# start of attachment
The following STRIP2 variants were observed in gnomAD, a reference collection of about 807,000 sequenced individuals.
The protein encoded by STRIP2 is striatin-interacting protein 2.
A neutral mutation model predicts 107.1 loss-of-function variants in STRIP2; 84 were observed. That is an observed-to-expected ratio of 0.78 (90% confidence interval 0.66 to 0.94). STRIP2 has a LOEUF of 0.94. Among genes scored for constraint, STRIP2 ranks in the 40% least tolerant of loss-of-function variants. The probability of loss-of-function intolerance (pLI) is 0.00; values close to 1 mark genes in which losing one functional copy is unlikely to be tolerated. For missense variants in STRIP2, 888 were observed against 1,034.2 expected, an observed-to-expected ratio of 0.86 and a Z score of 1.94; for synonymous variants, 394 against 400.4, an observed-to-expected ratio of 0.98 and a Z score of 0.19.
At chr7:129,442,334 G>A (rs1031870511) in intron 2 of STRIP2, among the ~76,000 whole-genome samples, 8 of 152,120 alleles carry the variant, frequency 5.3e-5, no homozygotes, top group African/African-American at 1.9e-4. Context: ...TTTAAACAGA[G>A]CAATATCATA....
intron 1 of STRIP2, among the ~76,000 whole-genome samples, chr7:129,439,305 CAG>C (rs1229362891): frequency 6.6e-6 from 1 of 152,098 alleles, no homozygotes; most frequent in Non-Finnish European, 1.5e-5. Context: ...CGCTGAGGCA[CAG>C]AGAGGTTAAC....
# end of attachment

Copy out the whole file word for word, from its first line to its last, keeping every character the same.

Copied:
The following STRIP2 variants were observed in gnomAD, a reference collection of about 807,000 sequenced individuals.
The protein encoded by STRIP2 is striatin-interacting protein 2.
A neutral mutation model predicts 107.1 loss-of-function variants in STRIP2; 84 were observed. That is an observed-to-expected ratio of 0.78 (90% confidence interval 0.66 to 0.94). STRIP2 has a LOEUF of 0.94. Among genes scored for constraint, STRIP2 ranks in the 40% least tolerant of loss-of-function variants. The probability of loss-of-function intolerance (pLI) is 0.00; values close to 1 mark genes in which losing one functional copy is unlikely to be tolerated. For missense variants in STRIP2, 888 were observed against 1,034.2 expected, an observed-to-expected ratio of 0.86 and a Z score of 1.94; for synonymous variants, 394 against 400.4, an observed-to-expected ratio of 0.98 and a Z score of 0.19.
At chr7:129,442,334 G>A (rs1031870511) in intron 2 of STRIP2, among the ~76,000 whole-genome samples, 8 of 152,120 alleles carry the variant, frequency 5.3e-5, no homozygotes, top group African/African-American at 1.9e-4. Context: ...TTTAAACAGA[G>A]CAATATCATA....
intron 1 of STRIP2, among the ~76,000 whole-genome samples, chr7:129,439,305 CAG>C (rs1229362891): frequency 6.6e-6 from 1 of 152,098 alleles, no homozygotes; most frequent in Non-Finnish European, 1.5e-5. Context: ...CGCTGAGGCA[CAG>C]AGAGGTTAAC....